Sportster to the Arctic via the Dempster

Discussion in 'Canada' started by Wolfgang, Aug 7, 2006.

  1. Wolfgang

    Wolfgang Been here awhile

    Joined:
    Jan 27, 2005
    Oddometer:
    150
    Location:
    Mukilteo, Washington
    I just returned from my long-planned trip to Inuvik, Northwest Territories, Canada. Well above the Arctic Circle. It's the end of the road. 470 miles or so (each way) of gravel, dirt, mud, speeding trucks, tundra, and great sights. Everyone we met were great, we had a ball. Wolfgang Junior accompanied me on his BMW K75.

    Stats:
    Stock 883R
    New Dunlop 404s for the trip.
    5,074 miles total from my door in Mukilteo, WA to Inuvik (and places in between) and back.
    Departed July 10th; back home on August 5th.
    Start mileage: 26,000 (about).
    End mileage: 31,074 (about).
    :eek1 Crashes: 1 for me, in the goldfields near Dawson City, not on the Dempster Highway. Broke the clutch lever, the left turn signal, the headlight, and the shifter toe peg; shredded the clutch cable at the bottom with resulting slight oil loss of transmission fluid. Duct tape and hose clamps got me back from Dawson City. Cracked a rib, got some road rash. Took a turn too fast on a gravel road. 1 for Wolfgang Junior, who was pushed up into a gravel pile on a turn on the Dempster by a couple of locals in a truck. Broke his turn signal, got a sore back, he bounced back the next day.
    :(: Breakdowns: 2 (broken wire to the coil under the gas tank; broken belt, both happened in British Columbia and yes, I needed tows to the nearest Harley dealer). The mechanic said it was likely I suffered belt damage on the 1500 or so miles of gravel roads we rode on. Would the Buell Ulysses belt have fared any better? Don't know.
    Wore out the rear tire and replaced it on the return to Prince George, BC. No flats on the road, though, despite lots and lots of warnings about sharp gravel on the Dempster. Actually, the gravel was like marbles - we slid all over.
    Wildlife: especially the Canadians and Alaskans in Dawson City - party town! [​IMG] Oh yeah, we saw black bears, grizzlies, moose, numerous marmots and small mammals, lots of German tourists (the Euro must be doing well against the Canadian dollar).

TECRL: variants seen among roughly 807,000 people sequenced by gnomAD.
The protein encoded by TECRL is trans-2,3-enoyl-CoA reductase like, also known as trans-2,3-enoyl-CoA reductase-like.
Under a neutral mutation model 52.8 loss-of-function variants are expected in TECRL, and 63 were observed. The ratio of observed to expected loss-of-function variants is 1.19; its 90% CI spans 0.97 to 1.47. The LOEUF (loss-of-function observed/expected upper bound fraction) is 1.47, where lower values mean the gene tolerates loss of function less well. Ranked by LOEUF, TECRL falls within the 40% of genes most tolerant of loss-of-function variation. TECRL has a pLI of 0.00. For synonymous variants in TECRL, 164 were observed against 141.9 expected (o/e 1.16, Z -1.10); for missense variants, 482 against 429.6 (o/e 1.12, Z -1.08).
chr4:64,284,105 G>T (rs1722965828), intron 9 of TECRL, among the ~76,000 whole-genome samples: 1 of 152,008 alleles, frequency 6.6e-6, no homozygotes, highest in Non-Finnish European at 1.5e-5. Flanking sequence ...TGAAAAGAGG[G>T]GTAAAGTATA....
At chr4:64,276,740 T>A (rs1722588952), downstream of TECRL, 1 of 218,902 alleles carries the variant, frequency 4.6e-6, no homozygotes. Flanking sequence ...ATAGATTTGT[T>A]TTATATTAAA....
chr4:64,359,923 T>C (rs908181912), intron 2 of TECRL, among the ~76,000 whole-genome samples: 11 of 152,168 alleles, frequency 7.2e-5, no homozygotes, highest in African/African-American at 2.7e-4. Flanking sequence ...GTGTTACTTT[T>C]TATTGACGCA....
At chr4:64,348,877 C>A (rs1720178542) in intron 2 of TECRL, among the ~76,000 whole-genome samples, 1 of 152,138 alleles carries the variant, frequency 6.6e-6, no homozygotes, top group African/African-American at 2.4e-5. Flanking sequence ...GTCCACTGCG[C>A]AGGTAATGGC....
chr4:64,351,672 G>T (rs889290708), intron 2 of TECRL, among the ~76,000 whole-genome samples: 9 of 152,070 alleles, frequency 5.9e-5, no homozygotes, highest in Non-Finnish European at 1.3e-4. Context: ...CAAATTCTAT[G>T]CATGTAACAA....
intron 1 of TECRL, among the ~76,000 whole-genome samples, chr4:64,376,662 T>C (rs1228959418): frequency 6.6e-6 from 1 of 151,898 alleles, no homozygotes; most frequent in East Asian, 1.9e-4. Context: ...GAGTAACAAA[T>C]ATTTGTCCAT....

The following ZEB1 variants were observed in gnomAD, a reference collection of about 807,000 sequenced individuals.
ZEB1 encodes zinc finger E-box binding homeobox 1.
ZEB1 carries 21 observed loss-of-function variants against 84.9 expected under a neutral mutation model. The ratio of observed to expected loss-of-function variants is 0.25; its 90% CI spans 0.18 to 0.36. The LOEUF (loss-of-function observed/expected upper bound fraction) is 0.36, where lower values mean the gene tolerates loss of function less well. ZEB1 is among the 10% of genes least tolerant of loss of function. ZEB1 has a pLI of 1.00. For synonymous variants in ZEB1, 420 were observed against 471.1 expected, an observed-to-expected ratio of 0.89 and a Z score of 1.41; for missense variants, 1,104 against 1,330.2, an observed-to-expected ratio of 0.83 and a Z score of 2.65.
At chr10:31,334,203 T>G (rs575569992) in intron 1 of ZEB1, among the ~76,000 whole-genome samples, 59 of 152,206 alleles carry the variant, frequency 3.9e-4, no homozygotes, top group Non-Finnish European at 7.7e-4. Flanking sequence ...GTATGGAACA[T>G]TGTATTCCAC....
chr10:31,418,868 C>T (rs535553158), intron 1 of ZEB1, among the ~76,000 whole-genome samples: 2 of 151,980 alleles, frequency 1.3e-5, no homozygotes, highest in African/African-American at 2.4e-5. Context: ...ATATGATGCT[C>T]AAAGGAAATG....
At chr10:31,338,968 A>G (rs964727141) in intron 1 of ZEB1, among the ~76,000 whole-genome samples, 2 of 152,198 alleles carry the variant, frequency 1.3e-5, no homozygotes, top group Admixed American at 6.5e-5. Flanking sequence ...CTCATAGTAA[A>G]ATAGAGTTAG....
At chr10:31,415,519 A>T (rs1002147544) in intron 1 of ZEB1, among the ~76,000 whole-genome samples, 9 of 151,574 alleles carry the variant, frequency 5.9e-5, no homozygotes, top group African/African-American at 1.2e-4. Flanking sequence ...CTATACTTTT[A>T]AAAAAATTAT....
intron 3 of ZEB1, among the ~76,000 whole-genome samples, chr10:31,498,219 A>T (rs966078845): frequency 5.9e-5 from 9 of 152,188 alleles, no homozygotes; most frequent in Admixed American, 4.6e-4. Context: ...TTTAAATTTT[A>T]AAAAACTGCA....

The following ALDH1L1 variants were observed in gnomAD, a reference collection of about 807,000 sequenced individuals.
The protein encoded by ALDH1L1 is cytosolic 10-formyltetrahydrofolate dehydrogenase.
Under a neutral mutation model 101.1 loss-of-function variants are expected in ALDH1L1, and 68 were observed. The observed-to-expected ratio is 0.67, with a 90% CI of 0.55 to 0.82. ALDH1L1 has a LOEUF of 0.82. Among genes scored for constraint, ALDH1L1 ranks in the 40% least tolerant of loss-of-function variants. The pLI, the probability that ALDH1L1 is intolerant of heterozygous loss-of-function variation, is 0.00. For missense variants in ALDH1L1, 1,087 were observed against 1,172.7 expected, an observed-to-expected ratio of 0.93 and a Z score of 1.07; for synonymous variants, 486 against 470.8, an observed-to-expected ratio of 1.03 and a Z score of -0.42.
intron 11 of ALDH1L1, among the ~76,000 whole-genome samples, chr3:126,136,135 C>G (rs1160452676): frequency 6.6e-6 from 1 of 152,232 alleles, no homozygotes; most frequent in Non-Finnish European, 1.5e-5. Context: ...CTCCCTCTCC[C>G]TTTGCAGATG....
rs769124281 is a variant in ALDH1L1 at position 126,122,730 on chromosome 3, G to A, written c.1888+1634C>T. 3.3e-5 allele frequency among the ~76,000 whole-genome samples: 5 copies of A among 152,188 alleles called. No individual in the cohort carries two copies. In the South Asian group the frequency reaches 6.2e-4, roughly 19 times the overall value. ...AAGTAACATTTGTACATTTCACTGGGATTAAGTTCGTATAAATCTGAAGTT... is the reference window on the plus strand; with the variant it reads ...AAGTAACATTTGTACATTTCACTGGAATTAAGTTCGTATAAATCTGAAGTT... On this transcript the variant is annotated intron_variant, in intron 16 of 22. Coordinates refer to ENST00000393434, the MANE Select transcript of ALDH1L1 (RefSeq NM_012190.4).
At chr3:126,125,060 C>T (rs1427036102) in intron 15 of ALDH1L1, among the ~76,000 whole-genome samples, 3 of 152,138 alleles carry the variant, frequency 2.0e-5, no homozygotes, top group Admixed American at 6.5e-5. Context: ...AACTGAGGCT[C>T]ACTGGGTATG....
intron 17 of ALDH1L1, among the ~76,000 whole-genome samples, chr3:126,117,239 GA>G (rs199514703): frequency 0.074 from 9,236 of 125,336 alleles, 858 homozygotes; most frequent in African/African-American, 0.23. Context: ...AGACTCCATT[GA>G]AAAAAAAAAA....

What would I change on the bike: need a 6 gallon tank - c'mon Harley! The belt question (shaft drive like BMWs? Chain drive like KLRs?). Or bring an extra belt to change out on the road. Center stand (c'mon Harley!).
    Adventure factor: off the charts for me since I never rode dirt bikes before.
    Fun factor: tremendous!
    #1
  2. vegasphotog

    vegasphotog Las Vegas Cheechako

    Joined:
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    3,340
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    Covered in Desert Dirt since 2007
    Right on DOOD! Glad you made it and have fun....Your testimonial totally affirms my bad attitude about all these people that shop for a bike based on the ride. Versus shop for a bike you like to ride and make it happen.

    Come back up next year for the annual Dust-to-Dawson ride ending up at the Downtown Hotel in Dawson. :clap
    #2
  3. JayD

    JayD Been here awhile

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    True ADVenture riding
    on an 883 eh?
    Wow
    #3
  4. GSingWI

    GSingWI Long timer

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    That's pretty cool-takin an 883 on such a ride!

    How many miles per tank did ya get? Bring any extra gas along?
    #4
  5. Wolfgang

    Wolfgang Been here awhile

    Joined:
    Jan 27, 2005
    Oddometer:
    150
    Location:
    Mukilteo, Washington
    Thanks - Wolfgang Junior got the Sourtoe Cocktail and then the Sourtoe Foot Cocktail. :1drink I just couldn't bring myself to do it. Now I gotta go back and do it so I can have bragging rights like junior. Next year!

    I got 40 to 45 MPG. Yes, I had 2 2.5 gallon gas cans, but only needed one between the Klondike Hwy and Eagle Plains. I eventually got rid of the second one. Gas was available at Fort Mcpherson, so I was OK there. I actually ran out a few times on the highways down in BC. Sheesh. Yes, I was wishing I had a larger tank for most of the trip, but it all worked out.
    #5
  6. KL5A

    KL5A Bugs are the new black

    Joined:
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    Sounds like you and Wolfy Jr had the ride of the year. One has to wonder how many folks want to duplicate that ride but think they can't, because they have the "wrong" bike?

    I say the wrong bike is the one that get left in the garage becuase you don't have confidence in it to make the voyage.

    Congrats and onya to you and the boy. :clap
    #6
  7. Wolfgang

    Wolfgang Been here awhile

    Joined:
    Jan 27, 2005
    Oddometer:
    150
    Location:
    Mukilteo, Washington
    Here's some more info:

    I really wanted to fit more agressive tires on the bike, but the back 16" wheel limits tire selections. I thought about getting wire spoke wheels from Trak Tek which would allow a greater variety of tires, but I really like the fact that my tires are tubeless. This allows using plugs to fix a flat and not having to take the wheel off on the road (all bets are off if the sidewall rips out, however). I can attest to using the Stop and Go plug kit to fix a hole caused by a nail - it works well.